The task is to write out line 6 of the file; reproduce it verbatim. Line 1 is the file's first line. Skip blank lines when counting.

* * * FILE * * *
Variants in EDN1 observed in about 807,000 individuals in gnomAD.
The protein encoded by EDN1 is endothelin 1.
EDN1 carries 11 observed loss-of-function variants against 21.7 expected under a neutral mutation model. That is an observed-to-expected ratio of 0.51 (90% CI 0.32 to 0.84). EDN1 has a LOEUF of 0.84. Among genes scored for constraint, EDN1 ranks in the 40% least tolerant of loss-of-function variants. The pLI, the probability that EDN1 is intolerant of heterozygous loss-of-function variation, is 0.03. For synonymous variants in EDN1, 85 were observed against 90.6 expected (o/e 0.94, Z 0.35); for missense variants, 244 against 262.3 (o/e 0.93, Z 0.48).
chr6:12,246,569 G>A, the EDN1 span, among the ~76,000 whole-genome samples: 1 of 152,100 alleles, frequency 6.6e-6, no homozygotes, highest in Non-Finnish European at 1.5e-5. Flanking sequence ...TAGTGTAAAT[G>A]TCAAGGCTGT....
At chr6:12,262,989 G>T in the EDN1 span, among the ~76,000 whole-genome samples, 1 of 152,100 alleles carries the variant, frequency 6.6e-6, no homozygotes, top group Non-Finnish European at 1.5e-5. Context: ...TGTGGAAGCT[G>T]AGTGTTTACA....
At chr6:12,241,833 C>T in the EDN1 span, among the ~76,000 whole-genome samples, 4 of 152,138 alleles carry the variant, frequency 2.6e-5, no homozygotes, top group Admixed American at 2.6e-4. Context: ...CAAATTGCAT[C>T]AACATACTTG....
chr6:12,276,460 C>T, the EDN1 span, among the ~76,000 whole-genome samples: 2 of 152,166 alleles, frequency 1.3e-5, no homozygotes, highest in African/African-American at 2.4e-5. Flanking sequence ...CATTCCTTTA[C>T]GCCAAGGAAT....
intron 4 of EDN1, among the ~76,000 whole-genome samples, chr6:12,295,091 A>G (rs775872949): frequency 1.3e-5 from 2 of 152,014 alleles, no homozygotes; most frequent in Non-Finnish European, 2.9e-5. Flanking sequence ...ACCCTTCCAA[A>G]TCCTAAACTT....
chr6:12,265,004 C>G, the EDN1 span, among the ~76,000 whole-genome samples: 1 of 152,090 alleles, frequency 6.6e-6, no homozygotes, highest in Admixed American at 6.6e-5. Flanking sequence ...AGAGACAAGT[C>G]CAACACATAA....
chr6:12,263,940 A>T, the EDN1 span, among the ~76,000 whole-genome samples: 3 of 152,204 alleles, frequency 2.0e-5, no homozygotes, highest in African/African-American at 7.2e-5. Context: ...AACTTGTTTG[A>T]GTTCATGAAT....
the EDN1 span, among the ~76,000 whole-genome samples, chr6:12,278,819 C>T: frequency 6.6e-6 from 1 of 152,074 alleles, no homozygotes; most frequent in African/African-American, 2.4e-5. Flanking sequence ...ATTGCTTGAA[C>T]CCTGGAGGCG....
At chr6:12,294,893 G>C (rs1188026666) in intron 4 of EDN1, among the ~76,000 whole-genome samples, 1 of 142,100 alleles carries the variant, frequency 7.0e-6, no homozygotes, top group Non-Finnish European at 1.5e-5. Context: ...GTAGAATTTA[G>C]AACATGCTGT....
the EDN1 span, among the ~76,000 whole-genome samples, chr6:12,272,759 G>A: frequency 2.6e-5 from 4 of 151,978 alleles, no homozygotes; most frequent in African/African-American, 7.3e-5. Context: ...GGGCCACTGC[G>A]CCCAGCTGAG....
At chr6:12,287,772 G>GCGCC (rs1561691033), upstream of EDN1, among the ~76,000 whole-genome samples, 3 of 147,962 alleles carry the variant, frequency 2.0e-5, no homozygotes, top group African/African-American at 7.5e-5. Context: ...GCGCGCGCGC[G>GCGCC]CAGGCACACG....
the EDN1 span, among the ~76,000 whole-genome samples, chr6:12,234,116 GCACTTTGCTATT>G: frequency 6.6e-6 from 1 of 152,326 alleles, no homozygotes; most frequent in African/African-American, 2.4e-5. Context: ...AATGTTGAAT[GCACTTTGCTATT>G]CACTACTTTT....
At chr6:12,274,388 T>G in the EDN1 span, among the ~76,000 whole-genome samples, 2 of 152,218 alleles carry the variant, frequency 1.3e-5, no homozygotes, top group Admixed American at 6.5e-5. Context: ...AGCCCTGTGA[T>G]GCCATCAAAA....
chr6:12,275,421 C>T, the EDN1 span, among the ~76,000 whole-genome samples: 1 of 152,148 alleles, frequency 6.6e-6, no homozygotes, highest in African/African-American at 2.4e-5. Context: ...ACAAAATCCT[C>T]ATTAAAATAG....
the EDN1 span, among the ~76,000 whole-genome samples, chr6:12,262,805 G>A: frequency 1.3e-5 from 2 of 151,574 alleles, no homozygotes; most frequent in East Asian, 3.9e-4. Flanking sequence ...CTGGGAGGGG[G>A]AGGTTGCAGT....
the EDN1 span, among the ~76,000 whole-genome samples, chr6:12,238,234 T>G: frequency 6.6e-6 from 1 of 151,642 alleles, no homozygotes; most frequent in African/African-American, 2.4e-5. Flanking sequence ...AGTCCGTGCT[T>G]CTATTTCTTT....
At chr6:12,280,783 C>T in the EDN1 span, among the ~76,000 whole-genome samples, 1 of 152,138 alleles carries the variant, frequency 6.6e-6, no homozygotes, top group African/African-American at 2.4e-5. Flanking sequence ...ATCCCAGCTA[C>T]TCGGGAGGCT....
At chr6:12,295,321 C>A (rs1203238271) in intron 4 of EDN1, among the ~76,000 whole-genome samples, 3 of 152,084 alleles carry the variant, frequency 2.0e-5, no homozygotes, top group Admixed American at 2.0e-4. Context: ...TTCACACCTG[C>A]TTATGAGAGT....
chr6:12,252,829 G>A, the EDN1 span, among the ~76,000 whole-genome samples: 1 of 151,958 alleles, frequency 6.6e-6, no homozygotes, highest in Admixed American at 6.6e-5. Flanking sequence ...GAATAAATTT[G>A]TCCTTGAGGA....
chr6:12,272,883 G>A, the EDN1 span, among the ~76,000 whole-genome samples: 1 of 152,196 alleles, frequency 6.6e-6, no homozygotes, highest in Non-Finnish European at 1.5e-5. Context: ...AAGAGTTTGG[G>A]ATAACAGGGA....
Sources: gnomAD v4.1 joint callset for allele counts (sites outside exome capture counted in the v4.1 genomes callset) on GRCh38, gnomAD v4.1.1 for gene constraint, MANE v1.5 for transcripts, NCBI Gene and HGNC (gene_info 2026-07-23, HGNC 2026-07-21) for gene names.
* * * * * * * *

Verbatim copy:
At chr6:12,241,833 C>T in the EDN1 span, among the ~76,000 whole-genome samples, 4 of 152,138 alleles carry the variant, frequency 2.6e-5, no homozygotes, top group Admixed American at 2.6e-4. Context: ...CAAATTGCAT[C>T]AACATACTTG....